The Blue Mountains are about two hours west of Sydney and have some fantastic trails to discover. For my first weekend in Australia, I headed out with my friends Caroline and Chris to see what we could see.
Fun Fact: The Blue Mountains are so named because they are densely populated with eucalyptus trees and the air is filled with tiny droplets of eucalyptus oil, which scatter shortwave light, giving the area a blueish tint.
It’s winter in Australia and quite a bit colder than I expected, especially at night. As we headed into the mountains the temperature dropped even more and became downright freezing (literally). I’m more of a warm weather girl, but in this case the cold added to the experience. And we got to play with fire.
We rented a house in Leura for the weekend, but unfortunately it seemed to be lacking in both insulation and functional heaters. When we arrived late Friday evening, the house was at least as cold as the outside and we couldn’t get it warmed up. Much of the first evening was spent bundled up in our coats and wearing our full collection of scarves, hats, and gloves. Luckily, we had brought blankets and our hot water bottle (my new favorite thing), so we managed to not turn into popsicles.
Saturday morning we headed out early to the Three Sisters overlook in Katoomba. According to Aboriginal legend, these three rock formations are a trio of sisters who were turned to stone by a witch doctor to protect them from harm. Unfortunately, the witch doctor was killed before he could turn them back so they remain in their rock form. Bummer for them, cool for us.
After taking in the view from the top of the canyon, we descended hundreds of steps into the valley for a hike. We caught a glimpse of a wild turkey and a tree-full of squawking cockatoos, but otherwise there wasn’t much wildlife around. The scenery, though, was beautiful.
We passed a few waterfalls and took in views of the spectacular cliff face rising up above us as we hiked for several hours. We eventually ended up at the bottom of ScenicWorld, where we had the option to take the tram or train back up to the top, rather than climb those hundreds of steps in reverse.
After a quick look around at the exhibits about the old coal mine that used to be there, we opted for the Katoomba Scenic Railway, the steepest incline railway in the world.
The train is completely closed in and everyone faces forward (which means you’re moving backwards if you take the train up, like we did). Once the train starts to move, you almost immediately increase your incline to what feels like vertical (it’s actually 52 degrees). The views of the valley are amazing, but the whole experience is kind of surreal because you feel like at any moment the “roller coaster” is going to release and you’re going back down the track at 90 mph.
Safely at the top, we grabbed some dinner and matches and headed back to our icebox. Once home, all attention turned to the fire. We managed to get it started and keep it going well into the night. Score one for fire skills.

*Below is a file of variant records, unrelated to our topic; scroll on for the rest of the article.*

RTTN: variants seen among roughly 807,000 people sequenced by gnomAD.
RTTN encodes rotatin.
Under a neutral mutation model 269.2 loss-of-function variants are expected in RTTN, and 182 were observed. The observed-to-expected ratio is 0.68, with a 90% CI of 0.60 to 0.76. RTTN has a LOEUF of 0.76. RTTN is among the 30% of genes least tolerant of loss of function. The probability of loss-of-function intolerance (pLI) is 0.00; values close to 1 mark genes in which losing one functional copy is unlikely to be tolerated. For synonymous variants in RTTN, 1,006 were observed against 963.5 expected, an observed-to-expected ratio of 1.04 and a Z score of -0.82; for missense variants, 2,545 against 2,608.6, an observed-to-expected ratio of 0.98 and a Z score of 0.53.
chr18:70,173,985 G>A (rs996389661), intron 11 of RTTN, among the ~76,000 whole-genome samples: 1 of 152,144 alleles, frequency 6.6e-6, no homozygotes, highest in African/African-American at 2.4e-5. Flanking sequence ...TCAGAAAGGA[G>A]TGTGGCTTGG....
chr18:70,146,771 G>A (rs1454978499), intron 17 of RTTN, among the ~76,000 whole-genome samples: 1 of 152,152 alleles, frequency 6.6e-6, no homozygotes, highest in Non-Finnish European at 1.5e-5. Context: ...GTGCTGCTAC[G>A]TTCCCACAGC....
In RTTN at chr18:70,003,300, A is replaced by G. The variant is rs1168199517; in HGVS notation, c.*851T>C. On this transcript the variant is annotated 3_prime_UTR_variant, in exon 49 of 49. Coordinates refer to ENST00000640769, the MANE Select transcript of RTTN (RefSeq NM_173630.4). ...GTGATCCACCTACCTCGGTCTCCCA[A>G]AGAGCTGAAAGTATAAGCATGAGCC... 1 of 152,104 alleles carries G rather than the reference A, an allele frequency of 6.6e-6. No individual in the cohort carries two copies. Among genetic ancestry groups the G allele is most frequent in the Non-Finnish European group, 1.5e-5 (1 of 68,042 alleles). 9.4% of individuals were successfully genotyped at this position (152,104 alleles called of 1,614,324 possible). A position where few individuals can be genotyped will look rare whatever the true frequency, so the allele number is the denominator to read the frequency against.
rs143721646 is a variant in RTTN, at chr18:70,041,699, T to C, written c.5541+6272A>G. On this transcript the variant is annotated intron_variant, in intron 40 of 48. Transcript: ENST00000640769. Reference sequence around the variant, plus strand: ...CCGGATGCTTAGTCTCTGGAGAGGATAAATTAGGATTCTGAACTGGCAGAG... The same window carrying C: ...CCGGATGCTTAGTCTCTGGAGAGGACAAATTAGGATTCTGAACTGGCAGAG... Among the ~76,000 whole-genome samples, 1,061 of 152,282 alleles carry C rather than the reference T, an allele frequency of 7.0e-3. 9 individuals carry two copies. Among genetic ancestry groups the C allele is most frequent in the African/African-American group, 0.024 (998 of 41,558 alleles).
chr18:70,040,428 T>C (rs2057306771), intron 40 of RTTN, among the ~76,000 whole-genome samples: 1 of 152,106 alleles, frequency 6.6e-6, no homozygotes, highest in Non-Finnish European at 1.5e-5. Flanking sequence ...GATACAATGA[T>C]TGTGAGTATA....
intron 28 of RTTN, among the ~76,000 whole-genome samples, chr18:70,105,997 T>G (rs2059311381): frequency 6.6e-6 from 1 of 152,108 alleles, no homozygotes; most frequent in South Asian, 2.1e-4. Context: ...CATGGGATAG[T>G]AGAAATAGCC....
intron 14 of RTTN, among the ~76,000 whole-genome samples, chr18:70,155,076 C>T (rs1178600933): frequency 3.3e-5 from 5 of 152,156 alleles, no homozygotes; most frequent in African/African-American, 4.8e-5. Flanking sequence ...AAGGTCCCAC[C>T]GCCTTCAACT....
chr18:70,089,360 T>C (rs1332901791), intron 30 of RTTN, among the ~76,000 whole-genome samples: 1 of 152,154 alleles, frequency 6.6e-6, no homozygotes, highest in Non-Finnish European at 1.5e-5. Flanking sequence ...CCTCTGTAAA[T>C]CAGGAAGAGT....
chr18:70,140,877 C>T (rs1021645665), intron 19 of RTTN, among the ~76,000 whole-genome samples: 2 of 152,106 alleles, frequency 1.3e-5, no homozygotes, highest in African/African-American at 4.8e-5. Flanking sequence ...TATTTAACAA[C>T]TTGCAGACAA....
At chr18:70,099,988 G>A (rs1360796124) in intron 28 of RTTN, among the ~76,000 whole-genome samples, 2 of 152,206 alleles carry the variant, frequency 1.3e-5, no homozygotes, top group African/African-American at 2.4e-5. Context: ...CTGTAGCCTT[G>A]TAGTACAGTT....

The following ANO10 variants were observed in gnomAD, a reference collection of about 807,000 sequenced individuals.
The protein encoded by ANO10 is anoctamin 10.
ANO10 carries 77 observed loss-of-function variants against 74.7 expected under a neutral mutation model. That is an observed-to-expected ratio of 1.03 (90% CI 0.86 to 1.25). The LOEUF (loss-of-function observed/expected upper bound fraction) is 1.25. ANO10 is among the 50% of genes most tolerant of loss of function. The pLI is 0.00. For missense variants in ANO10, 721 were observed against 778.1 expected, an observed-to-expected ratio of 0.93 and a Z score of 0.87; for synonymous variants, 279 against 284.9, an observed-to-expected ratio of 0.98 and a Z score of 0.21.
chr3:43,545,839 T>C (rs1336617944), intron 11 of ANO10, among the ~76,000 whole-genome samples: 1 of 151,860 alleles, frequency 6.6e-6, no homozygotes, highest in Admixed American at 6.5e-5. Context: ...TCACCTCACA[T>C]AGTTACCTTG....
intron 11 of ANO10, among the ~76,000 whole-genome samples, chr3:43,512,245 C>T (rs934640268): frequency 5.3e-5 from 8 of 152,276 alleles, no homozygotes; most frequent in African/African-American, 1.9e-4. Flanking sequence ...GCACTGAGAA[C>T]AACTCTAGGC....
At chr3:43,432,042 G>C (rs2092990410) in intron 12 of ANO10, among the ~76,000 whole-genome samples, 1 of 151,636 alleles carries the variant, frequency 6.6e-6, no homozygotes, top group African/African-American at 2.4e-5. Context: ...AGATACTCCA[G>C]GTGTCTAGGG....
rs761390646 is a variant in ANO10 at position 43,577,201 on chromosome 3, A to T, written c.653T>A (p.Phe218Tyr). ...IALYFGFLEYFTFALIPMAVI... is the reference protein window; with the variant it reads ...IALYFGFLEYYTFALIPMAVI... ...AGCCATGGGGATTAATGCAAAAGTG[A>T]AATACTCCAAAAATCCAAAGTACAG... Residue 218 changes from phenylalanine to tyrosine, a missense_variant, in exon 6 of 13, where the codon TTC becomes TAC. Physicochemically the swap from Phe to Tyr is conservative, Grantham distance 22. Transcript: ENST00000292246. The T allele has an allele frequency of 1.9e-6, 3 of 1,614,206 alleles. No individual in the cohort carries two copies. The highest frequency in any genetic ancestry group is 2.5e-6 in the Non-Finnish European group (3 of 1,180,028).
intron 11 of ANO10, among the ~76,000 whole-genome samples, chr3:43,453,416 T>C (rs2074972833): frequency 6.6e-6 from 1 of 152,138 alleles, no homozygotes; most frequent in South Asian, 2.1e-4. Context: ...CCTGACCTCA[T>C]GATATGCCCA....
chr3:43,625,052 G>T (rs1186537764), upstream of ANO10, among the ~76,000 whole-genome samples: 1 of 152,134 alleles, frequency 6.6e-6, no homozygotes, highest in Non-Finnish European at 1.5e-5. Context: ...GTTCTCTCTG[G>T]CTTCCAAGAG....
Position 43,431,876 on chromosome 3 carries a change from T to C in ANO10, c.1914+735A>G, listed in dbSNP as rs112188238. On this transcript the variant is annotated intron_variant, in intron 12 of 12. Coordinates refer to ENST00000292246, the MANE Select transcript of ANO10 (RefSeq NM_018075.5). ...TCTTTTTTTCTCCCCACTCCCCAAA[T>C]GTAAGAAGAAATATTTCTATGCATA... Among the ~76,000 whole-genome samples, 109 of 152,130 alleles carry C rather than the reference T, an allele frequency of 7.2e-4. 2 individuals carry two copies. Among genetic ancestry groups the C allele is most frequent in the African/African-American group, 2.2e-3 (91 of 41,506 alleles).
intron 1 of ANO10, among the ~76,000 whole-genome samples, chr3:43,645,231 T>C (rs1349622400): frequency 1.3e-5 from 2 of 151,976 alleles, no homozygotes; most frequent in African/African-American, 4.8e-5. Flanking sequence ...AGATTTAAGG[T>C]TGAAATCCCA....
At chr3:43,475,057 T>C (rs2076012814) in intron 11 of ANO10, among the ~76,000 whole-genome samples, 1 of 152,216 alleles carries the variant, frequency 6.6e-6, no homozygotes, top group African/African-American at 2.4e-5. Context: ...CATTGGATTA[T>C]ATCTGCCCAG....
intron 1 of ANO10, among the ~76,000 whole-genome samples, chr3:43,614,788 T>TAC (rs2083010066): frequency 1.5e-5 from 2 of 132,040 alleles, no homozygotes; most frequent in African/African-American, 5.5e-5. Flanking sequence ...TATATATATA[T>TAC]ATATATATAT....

The Grand Canyon
For our second day of hiking in the Blue Mountains, we headed to the Grand Canyon. I’d heard that it was supposed to be a cool hike, but didn’t really know what to expect. As we pulled up to the parking lot, there wasn’t anyone else around and it looked as though we wouldn’t have much company.
The trail began to descend through eucalyptus trees, much like Saturday’s hike, giving no indication of the tropical paradise below. As we got lower into the canyon, the trees gave way to more and more ferns and the trail was dotted with puddles and moss.
It was a strange feeling to be cold in a rainforest, but the waterfalls and amazing creek crossings made up for it. Portions of the trail were cut into overhanging rocks and, in places, the creek dropped down into canyons too deep for us to see the bottom from our vantage point.
As we made our way back out of the canyon, we ended up at Evan’s Lookout, taking in views of the valley below. The massive expanse was certainly a sight to see and we hung out here for about 45 minutes taking it all in and resting up from our hike before heading back to Sydney.
Pro Tip: The Grand Canyon hike is almost a loop, although you can start from either of two parking lots (when you finish the hike in one parking lot you’ll follow a 1.4 km path back to the one where you started). I recommend starting at the lot marked “Grand Canyon Walking Track.” The stairs on this side feel a bit steeper (better for going down, rather than up) and hiking in this direction means you get rewarded at the end with Evan’s Lookout.
Check It Out
Even in freezing temperatures, the Blue Mountains are a sight to see and should not be missed if you’re in the area.
There are tons of hikes here and I’m sure that at least most of them are awesome. We only had the chance to check out these two, but they were both incredible and I highly recommend them.
If you’ve done other great hikes in the Blue Mountains, let me know in the comments below!